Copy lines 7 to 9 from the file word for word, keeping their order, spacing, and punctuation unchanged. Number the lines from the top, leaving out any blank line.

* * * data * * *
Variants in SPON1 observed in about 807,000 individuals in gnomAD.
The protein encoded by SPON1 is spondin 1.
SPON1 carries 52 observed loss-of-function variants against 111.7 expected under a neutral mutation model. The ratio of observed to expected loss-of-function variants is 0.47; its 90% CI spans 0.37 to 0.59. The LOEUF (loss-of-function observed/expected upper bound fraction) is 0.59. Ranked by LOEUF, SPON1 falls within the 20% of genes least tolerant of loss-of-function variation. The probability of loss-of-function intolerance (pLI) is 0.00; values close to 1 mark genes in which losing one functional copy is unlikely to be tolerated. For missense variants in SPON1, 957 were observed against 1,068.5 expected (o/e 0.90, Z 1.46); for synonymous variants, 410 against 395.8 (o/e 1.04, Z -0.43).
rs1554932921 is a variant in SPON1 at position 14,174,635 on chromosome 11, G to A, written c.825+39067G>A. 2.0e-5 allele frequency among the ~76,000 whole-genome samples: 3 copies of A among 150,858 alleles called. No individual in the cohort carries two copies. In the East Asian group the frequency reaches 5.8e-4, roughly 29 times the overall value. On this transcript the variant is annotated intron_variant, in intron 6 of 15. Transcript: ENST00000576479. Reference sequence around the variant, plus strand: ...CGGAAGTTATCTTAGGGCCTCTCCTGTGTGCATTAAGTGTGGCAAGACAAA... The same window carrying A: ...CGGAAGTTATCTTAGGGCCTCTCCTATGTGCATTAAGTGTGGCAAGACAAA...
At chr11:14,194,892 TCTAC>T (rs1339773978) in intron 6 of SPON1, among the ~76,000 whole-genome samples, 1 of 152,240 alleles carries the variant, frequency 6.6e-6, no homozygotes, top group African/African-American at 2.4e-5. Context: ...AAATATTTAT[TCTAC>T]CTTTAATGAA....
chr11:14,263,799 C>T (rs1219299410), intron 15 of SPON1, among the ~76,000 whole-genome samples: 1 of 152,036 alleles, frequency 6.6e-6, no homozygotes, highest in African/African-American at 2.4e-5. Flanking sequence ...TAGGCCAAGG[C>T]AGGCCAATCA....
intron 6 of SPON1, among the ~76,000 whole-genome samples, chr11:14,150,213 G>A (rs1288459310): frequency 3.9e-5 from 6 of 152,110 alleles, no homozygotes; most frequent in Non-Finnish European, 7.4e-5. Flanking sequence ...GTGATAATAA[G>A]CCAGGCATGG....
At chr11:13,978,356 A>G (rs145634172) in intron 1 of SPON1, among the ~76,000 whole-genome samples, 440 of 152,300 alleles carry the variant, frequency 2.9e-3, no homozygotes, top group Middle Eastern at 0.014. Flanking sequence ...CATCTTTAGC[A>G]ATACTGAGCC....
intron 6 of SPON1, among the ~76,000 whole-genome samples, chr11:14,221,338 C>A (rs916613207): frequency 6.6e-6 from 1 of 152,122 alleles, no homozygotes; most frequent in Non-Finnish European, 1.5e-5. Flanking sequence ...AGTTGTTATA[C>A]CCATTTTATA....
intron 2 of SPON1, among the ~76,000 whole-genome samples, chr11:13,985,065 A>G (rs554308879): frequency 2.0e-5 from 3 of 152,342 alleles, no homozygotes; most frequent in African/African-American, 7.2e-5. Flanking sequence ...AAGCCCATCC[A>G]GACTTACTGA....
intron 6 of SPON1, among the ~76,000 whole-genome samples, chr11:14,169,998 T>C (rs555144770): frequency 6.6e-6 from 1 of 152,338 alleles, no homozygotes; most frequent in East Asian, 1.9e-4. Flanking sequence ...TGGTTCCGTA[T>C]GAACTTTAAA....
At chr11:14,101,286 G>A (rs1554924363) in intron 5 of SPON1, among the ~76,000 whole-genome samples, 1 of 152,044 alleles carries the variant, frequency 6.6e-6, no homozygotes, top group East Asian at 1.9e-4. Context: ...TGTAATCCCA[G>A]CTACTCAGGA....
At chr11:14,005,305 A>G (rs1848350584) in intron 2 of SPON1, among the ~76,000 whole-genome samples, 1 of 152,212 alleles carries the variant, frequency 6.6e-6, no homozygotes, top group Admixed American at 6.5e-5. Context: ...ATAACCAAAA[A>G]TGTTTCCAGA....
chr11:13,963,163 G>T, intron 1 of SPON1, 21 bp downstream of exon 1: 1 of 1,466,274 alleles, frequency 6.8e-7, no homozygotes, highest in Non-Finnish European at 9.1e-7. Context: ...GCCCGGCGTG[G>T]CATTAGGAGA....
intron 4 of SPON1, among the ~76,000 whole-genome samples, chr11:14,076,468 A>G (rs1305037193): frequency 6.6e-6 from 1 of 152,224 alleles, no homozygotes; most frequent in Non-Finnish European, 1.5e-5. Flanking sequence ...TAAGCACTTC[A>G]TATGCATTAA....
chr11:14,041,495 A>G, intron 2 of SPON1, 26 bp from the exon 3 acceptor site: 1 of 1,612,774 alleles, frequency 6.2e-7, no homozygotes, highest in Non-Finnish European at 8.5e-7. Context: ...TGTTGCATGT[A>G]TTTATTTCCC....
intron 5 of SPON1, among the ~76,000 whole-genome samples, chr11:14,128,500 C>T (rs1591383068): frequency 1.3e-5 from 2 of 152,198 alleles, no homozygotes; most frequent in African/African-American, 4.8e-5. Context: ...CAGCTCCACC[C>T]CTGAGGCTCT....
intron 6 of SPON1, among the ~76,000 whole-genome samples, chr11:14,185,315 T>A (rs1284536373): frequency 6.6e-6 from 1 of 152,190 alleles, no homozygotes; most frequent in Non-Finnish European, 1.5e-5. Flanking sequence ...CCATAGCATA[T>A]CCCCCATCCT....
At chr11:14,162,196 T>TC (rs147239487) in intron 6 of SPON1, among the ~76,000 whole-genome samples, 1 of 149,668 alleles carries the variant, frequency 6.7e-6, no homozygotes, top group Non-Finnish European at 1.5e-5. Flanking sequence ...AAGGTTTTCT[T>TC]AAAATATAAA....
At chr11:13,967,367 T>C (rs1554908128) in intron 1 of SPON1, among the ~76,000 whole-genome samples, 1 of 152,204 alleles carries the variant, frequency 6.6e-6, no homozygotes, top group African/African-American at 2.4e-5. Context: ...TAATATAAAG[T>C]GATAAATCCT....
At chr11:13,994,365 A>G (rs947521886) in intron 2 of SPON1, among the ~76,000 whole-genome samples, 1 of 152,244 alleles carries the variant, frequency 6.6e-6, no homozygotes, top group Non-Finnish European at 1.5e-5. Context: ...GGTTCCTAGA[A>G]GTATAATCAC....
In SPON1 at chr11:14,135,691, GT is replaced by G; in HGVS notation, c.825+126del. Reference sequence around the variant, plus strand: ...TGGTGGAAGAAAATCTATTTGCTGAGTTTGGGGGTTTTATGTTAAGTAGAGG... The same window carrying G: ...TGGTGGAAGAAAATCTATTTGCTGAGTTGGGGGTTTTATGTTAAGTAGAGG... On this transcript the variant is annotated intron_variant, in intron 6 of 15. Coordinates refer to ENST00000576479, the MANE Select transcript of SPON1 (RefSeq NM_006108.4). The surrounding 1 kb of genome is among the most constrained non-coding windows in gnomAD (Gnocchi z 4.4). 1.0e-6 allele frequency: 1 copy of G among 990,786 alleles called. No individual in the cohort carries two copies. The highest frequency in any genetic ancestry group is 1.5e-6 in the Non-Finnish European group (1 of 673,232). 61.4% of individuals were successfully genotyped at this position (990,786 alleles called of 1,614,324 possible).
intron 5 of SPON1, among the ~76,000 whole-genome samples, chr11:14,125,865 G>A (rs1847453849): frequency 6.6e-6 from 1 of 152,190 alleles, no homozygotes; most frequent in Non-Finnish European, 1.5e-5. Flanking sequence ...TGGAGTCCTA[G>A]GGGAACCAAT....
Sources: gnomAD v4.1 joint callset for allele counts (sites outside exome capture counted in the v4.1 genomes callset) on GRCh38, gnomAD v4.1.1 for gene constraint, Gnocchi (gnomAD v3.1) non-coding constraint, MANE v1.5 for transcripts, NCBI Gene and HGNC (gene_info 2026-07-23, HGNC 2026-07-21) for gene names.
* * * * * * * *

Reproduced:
intron 6 of SPON1, among the ~76,000 whole-genome samples, chr11:14,150,213 G>A (rs1288459310): frequency 3.9e-5 from 6 of 152,110 alleles, no homozygotes; most frequent in Non-Finnish European, 7.4e-5. Flanking sequence ...GTGATAATAA[G>A]CCAGGCATGG....
At chr11:13,978,356 A>G (rs145634172) in intron 1 of SPON1, among the ~76,000 whole-genome samples, 440 of 152,300 alleles carry the variant, frequency 2.9e-3, no homozygotes, top group Middle Eastern at 0.014. Flanking sequence ...CATCTTTAGC[A>G]ATACTGAGCC....
intron 6 of SPON1, among the ~76,000 whole-genome samples, chr11:14,221,338 C>A (rs916613207): frequency 6.6e-6 from 1 of 152,122 alleles, no homozygotes; most frequent in Non-Finnish European, 1.5e-5. Flanking sequence ...AGTTGTTATA[C>A]CCATTTTATA....